After I reduced my LDL level, I continued to replace some of the “old food items” with a variety of high fiber, packed omega-3 foods into my menu so that I could get on with living life and having fun. I found a list of “healthy foods” from a wide variety of websites and then compared the list to the physician-driven and medical university universities that I regularly refer to because those sites back up their claims with medical research so I know the information is correct. To my surprise, MOST of the food items that I had found on many other websites were not listed on the websites that I normally use.
Below are just some of the replacements that I now regularly use that helped to lower my cholesterol level by 16 points in just one year.
- Oats, grains, and legumes: There are so many ways to include oats and legumes into menus such as when I baked breads and breakfast cobblers, I cut the white flour into thirds and used two thirds flour and one third oats (that I had ground into oat flour). I thickened homemade soups and stews by adding lentils to the beef and chicken broth. From the research I conducted, I learned that oats, bran, and legumes all are soluble fiber that can reduce the absorption of cholesterol in my bloodstream.
To illustrate just how powerful legumes are, I found the following information of high fiber foods from the Mayo Clinic:
- 1 cup of cooked split peas have 16.3 grams of fiber
- 1 cup of cooked Lentils have 15.6 grams of fiber
- 1 cup of cooked black beans have 15.0 grams of fiber
- 1 cup of cooked lima beans have 13.2 grams of fiber
2. Fish is high in omega-3 fatty acids; however, I did not like fish. I made it a goal to find ways to learn to like fish and I turned to my son, who is a gourmet chef for help. He told me to start by choosing light colored fish at supermarkets because the lighter the color, the less fishy taste that fish will have.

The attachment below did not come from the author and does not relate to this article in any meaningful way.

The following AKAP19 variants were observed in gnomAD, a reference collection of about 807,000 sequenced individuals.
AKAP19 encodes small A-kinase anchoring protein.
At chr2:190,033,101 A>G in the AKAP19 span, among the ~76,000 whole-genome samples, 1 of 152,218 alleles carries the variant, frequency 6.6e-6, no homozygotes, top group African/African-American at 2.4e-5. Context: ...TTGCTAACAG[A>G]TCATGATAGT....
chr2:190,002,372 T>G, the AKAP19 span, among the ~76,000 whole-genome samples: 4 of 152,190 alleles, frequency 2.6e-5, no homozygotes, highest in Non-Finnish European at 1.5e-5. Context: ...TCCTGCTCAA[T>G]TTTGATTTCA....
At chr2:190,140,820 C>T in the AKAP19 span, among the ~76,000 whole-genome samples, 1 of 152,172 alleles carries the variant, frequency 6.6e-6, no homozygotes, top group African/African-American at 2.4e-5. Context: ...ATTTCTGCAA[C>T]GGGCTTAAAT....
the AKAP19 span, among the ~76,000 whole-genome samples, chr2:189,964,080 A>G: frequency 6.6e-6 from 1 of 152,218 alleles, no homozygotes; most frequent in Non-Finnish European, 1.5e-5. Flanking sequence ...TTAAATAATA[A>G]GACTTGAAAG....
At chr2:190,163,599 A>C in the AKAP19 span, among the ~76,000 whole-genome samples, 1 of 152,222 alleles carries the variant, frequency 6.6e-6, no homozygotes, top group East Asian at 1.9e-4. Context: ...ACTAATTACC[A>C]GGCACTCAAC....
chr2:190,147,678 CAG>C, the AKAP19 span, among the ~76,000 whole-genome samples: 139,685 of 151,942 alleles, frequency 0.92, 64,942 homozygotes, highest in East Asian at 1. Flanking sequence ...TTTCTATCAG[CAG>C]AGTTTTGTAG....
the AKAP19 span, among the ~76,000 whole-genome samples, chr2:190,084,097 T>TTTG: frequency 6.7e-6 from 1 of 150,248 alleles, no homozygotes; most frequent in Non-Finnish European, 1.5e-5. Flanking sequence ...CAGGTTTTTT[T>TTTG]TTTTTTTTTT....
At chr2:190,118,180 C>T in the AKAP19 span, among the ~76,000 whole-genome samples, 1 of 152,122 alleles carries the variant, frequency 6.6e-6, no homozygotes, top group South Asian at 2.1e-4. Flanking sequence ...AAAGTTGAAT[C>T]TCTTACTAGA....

I tried flounder first and although I liked the taste, there was something about the fish that I did not like and could not figure out what I did not like about the fish. My son said that texture also has a lot to do with liking fish. Even though flounder is very mild, the texture is a bit mushy and therefore, My son suggested that I try cod. I really liked the cod and also the texture. He said that’s the kind of fish that fast food restaurants use for their fish sandwiches. He served Mahi one night and I loved it. Did you hear that? I LOVED IT!!! Next he tried Ahi Tuna; however, the way tuna is served at restaurants is the center is raw and I did not like eating raw fish even though the taste was really good. Recently, he asked that I try a piece of Chilean Sea Bass that he had and I loved that one better than any other types of fish I had tried.
My point in telling you all of this is if you try one type of fish and do not like it, try light colored fish. My success story is that I went to Florida this past September on vacation and at a restaurant, I actually chose Mahi as my meal. Before this, I would never purchase fish of any kind. If they would have had Chilean Sea Bass, I would have chosen that.
To be continued next Monday